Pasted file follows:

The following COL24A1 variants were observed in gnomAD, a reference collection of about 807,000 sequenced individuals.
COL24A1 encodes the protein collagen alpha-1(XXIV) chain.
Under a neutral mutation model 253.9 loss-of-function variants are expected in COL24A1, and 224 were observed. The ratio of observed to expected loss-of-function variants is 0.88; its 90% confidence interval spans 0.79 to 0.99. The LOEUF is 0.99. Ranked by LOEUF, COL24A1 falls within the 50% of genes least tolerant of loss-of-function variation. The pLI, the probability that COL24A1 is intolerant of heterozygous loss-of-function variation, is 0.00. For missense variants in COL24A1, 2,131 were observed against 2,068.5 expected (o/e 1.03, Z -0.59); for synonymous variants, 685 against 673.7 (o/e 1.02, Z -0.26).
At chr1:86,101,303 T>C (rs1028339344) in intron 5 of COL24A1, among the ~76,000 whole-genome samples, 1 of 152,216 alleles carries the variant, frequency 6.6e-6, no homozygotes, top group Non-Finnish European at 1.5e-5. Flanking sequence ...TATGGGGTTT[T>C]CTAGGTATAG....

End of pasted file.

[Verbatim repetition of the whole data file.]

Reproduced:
The following COL24A1 variants were observed in gnomAD, a reference collection of about 807,000 sequenced individuals.
COL24A1 encodes the protein collagen alpha-1(XXIV) chain.
Under a neutral mutation model 253.9 loss-of-function variants are expected in COL24A1, and 224 were observed. The ratio of observed to expected loss-of-function variants is 0.88; its 90% confidence interval spans 0.79 to 0.99. The LOEUF is 0.99. Ranked by LOEUF, COL24A1 falls within the 50% of genes least tolerant of loss-of-function variation. The pLI, the probability that COL24A1 is intolerant of heterozygous loss-of-function variation, is 0.00. For missense variants in COL24A1, 2,131 were observed against 2,068.5 expected (o/e 1.03, Z -0.59); for synonymous variants, 685 against 673.7 (o/e 1.02, Z -0.26).
At chr1:86,101,303 T>C (rs1028339344) in intron 5 of COL24A1, among the ~76,000 whole-genome samples, 1 of 152,216 alleles carries the variant, frequency 6.6e-6, no homozygotes, top group Non-Finnish European at 1.5e-5. Flanking sequence ...TATGGGGTTT[T>C]CTAGGTATAG....